Sabbath and Sabbath-Keeping– Today

Speaker: Categories: Nov 13, 1999

 

[1hr, 17min, 9sec / 59min, 16sec]

ABOUT THE TOPIC:

Eating out, wading at the beach, hiking in the mountains (with backpack), watching TV news, driving far enough to require refueling the car . . . . Which of these might be consideredproperSabbath activities now, but not in the days of your youth? Why/Why not? Does theiroptionalnature influence the decision?

Milking cows, feeding livestock (or pets), washing dishes, cooking vegetables, baking a casserole, ironing a dress which became wrinkled in the closet but which is needed to complete the Sabbath wardrobe of choice ... Which of these might have been OK several decades ago -- as well as today?

Mike Scofield, moderator of the November panel discussion, states:“The Sabbath, and its observance is an essential, non-negotiable, defining doctrine central to the identity of Adventism. In addition to proper Sabbath-keeping, many Adventist thought-leaders see the Sabbath as having both a symbolic  value in memorializing creation and also a value as a test of loyalty."

He notes further:"24-by-7is an expression describing a service which is provided twenty-four hours a day, seven days a week, such as critical-care nursing, police patrol, and also, more and more, non-essential commercial and hospitality services. In stark contrast to most commercial retail services fifty years ago, consumers today expect services to be available every day, and for longer hours. Very few retail establishments now can afford to be closed on weekends. For Adventist laborers, particularly in the blue collar areas, avoiding Sabbath work has become more difficult. What concessions might the church at large give to these members?"

“The Adventist institutional church also is a provider of services in this24/7genre,"observes Mike Scofield,"particularly in health-care, elder-care, and institutional food-service. Sabbath work for SDAs there employed is generally viewed as permissible (at least by Adventist church leaders), while sometimes doing the exact same job on Sabbath in a non-Adventist setting is not. Is the message to members about Sabbath-keeping colored by the role of management?"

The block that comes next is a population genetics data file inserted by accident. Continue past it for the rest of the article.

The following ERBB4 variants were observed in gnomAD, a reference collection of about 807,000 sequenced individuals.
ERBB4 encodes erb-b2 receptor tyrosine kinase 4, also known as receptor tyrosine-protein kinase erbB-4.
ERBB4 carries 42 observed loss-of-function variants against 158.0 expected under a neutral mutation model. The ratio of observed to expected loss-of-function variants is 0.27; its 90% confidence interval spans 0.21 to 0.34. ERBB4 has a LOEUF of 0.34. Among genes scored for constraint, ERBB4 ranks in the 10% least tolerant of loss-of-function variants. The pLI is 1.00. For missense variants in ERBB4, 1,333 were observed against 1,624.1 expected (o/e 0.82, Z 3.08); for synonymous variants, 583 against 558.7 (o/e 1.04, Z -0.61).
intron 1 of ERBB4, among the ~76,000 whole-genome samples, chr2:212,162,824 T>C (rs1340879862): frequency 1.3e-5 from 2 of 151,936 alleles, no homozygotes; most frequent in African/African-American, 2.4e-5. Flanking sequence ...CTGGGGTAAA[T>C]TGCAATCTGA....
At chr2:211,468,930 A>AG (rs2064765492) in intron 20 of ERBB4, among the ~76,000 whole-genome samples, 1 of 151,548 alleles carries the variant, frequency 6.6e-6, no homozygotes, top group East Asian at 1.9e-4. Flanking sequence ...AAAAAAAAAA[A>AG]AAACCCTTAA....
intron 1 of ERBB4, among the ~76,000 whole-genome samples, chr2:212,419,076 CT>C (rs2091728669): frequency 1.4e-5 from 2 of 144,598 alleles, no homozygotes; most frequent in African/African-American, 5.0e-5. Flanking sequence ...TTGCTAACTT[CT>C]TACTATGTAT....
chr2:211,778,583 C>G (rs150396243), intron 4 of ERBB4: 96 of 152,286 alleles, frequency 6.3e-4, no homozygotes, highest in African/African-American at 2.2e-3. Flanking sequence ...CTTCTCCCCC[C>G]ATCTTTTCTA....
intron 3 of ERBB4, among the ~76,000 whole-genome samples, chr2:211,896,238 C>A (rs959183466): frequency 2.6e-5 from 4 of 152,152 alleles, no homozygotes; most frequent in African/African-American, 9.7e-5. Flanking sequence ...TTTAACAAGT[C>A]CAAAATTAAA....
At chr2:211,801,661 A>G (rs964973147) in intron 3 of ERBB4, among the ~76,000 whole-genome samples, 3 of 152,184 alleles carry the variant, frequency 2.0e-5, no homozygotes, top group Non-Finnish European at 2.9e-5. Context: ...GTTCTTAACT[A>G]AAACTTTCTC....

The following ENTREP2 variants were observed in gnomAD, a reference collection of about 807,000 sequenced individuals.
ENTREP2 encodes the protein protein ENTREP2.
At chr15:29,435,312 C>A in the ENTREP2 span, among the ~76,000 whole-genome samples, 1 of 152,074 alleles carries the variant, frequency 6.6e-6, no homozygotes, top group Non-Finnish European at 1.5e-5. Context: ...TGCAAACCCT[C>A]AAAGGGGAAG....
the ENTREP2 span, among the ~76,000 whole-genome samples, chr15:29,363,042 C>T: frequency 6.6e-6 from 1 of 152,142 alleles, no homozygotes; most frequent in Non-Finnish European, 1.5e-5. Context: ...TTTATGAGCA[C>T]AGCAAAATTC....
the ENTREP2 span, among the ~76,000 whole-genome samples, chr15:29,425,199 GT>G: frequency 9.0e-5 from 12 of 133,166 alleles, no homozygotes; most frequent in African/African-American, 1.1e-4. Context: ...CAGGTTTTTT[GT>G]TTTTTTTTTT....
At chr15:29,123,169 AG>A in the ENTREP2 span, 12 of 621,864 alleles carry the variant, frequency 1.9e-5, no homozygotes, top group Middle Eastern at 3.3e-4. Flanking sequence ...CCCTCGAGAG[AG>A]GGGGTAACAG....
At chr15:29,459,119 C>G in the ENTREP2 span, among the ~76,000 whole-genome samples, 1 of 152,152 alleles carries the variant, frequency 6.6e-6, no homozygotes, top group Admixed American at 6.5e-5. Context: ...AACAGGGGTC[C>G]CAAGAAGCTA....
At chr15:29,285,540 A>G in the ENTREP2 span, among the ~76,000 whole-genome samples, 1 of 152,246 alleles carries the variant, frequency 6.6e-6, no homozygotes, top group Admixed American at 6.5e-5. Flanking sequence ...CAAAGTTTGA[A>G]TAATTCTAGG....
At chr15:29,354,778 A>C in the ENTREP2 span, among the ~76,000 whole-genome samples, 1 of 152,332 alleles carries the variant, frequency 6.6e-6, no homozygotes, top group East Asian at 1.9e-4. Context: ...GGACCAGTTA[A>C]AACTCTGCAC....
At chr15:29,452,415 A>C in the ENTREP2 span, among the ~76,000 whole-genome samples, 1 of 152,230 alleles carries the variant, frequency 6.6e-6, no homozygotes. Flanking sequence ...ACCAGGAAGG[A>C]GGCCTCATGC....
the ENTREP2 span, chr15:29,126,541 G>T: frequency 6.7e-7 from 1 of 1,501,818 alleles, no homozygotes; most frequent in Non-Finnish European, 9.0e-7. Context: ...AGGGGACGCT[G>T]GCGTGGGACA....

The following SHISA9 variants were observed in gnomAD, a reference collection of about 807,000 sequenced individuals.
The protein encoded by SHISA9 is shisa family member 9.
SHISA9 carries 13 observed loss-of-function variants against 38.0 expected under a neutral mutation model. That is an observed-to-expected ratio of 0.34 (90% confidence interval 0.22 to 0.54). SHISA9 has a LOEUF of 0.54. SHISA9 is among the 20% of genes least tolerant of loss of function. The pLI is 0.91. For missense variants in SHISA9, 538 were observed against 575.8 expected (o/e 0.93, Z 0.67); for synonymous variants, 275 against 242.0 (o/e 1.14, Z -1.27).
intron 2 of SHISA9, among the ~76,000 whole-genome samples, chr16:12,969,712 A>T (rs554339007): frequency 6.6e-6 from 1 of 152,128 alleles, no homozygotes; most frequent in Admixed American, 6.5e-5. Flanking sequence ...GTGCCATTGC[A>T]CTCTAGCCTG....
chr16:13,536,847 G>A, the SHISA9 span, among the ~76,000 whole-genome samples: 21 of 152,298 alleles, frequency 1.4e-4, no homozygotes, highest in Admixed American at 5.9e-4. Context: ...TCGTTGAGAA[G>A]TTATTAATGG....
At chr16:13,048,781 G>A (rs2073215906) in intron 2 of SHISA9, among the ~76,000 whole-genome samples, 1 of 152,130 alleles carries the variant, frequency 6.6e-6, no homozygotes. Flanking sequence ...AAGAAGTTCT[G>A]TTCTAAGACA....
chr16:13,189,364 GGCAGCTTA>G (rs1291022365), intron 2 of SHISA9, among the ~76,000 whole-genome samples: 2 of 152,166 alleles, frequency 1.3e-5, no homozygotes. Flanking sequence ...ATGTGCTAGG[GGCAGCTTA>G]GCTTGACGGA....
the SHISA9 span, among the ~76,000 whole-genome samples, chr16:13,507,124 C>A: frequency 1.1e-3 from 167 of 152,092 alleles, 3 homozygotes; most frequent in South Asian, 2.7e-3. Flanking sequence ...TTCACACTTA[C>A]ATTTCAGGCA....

"This panel,"assures the moderator,"will address a variety of specific Sabbath questions regarding work (labor), engaging in commerce, as well as non-work (recreational) activities. Rather than rigid and categorical rules, the panel will seek to explore formulae which might guide our decision-making about Sabbath and Sabbath-keeping."

THE PANELISTS:

Judy Myers Lauewas born in Chicago into the Adventism of the 50's. She attended Adventist schools primarily, including four years at an Adventist boarding academy and four years at Andrews University with a year off as a student missionary. She received her doctorate in English from the University of Southern California in 1988 and has for the last nineteen years been a California Adventist. She has taught English at USC and Occidental College, as well as Southwestern Adventist University and La Sierra University. She has two sons, aged 10 and 7, in whom she is trying to inculcate the pleasure of Sabbath-keeping. She is moving back to Texas next year where she expects to find some differences in how the Sabbath is observed.

Gary McCaryis proud to be both a lifelong Seventh-day Adventist and lifelong Southern Californian. A native of Needles, California, he graduated from San Pasqual Academy in 1970, and received his B.A. in Religion from La Sierra University in 1975. After a year as Assistant Pastor at the Garden Grove Adventist church, he studied at Andrews University, receiving his Master of Divinity degree in 1978. Following a year as Assistant Pastor at San Bernardino's Mountain View Adventist church, he pastored the Ramona Adventist church for 3 years, the Point Loma Adventist church for 9 years, and for the past 8 years has been Senior Pastor of the Tierrasanta Adventist church. His greatest love is his wife Diane and children Scott, David, Molly and Sarah. His vices usually involve professional sports, most notably the San Diego Padres and Chargers.

Michael Scofieldis Director of Data Quality for a large credit reporting company. Prior to this position, he was Vice President and Manager of Information Quality for one of the largest banks in California. He is a 6th generation Adventist, and served for seven years on the Association of Adventist Forums board. He also served on the Pacific Union Conference Church Structure Committee. Besides his articles inSpectrumandAdventist Today, he has published articles in numerous professional journals in the field of information architecture, and was one of five American speakers at the European Meta-Data Conference in London this past March.

Reared in New Mexico,Rudy Torreshas been in the Adventist ministry over 30 years. After his education at La Sierra, he served several congregations including Green Lake (Seattle), Glendale (CA), and twice at Sligo SDA Church in Takoma Park (once as associate pastor, and 20 years later as senior pastor). He currently is senior pastor at the Garden Grove, California, SDA Church.

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